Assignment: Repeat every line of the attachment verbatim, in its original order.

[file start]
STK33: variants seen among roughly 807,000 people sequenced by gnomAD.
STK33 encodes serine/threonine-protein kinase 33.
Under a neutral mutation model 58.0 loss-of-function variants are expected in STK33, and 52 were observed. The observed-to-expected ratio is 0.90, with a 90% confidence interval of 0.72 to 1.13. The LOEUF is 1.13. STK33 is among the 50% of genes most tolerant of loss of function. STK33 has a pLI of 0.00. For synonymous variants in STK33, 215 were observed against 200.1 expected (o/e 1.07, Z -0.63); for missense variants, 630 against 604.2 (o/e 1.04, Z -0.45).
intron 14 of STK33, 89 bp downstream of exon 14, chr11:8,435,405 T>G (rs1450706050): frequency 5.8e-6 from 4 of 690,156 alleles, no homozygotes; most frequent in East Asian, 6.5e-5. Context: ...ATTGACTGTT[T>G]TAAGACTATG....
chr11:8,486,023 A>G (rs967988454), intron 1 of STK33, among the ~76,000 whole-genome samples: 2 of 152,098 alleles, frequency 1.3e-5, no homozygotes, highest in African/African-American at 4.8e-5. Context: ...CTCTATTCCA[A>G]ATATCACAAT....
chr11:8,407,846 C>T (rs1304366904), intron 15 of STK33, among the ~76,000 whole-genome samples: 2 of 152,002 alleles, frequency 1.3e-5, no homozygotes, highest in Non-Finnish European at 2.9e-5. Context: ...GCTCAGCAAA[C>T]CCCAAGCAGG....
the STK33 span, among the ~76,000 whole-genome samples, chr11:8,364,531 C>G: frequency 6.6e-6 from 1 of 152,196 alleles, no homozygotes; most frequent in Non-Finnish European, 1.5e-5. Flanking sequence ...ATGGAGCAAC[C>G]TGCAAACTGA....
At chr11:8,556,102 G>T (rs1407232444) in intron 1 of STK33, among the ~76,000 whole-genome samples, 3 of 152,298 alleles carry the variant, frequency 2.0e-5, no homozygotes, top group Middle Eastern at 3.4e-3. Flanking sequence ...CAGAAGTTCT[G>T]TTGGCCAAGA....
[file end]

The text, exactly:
STK33: variants seen among roughly 807,000 people sequenced by gnomAD.
STK33 encodes serine/threonine-protein kinase 33.
Under a neutral mutation model 58.0 loss-of-function variants are expected in STK33, and 52 were observed. The observed-to-expected ratio is 0.90, with a 90% confidence interval of 0.72 to 1.13. The LOEUF is 1.13. STK33 is among the 50% of genes most tolerant of loss of function. STK33 has a pLI of 0.00. For synonymous variants in STK33, 215 were observed against 200.1 expected (o/e 1.07, Z -0.63); for missense variants, 630 against 604.2 (o/e 1.04, Z -0.45).
intron 14 of STK33, 89 bp downstream of exon 14, chr11:8,435,405 T>G (rs1450706050): frequency 5.8e-6 from 4 of 690,156 alleles, no homozygotes; most frequent in East Asian, 6.5e-5. Context: ...ATTGACTGTT[T>G]TAAGACTATG....
chr11:8,486,023 A>G (rs967988454), intron 1 of STK33, among the ~76,000 whole-genome samples: 2 of 152,098 alleles, frequency 1.3e-5, no homozygotes, highest in African/African-American at 4.8e-5. Context: ...CTCTATTCCA[A>G]ATATCACAAT....
chr11:8,407,846 C>T (rs1304366904), intron 15 of STK33, among the ~76,000 whole-genome samples: 2 of 152,002 alleles, frequency 1.3e-5, no homozygotes, highest in Non-Finnish European at 2.9e-5. Context: ...GCTCAGCAAA[C>T]CCCAAGCAGG....
the STK33 span, among the ~76,000 whole-genome samples, chr11:8,364,531 C>G: frequency 6.6e-6 from 1 of 152,196 alleles, no homozygotes; most frequent in Non-Finnish European, 1.5e-5. Flanking sequence ...ATGGAGCAAC[C>G]TGCAAACTGA....
At chr11:8,556,102 G>T (rs1407232444) in intron 1 of STK33, among the ~76,000 whole-genome samples, 3 of 152,298 alleles carry the variant, frequency 2.0e-5, no homozygotes, top group Middle Eastern at 3.4e-3. Flanking sequence ...CAGAAGTTCT[G>T]TTGGCCAAGA....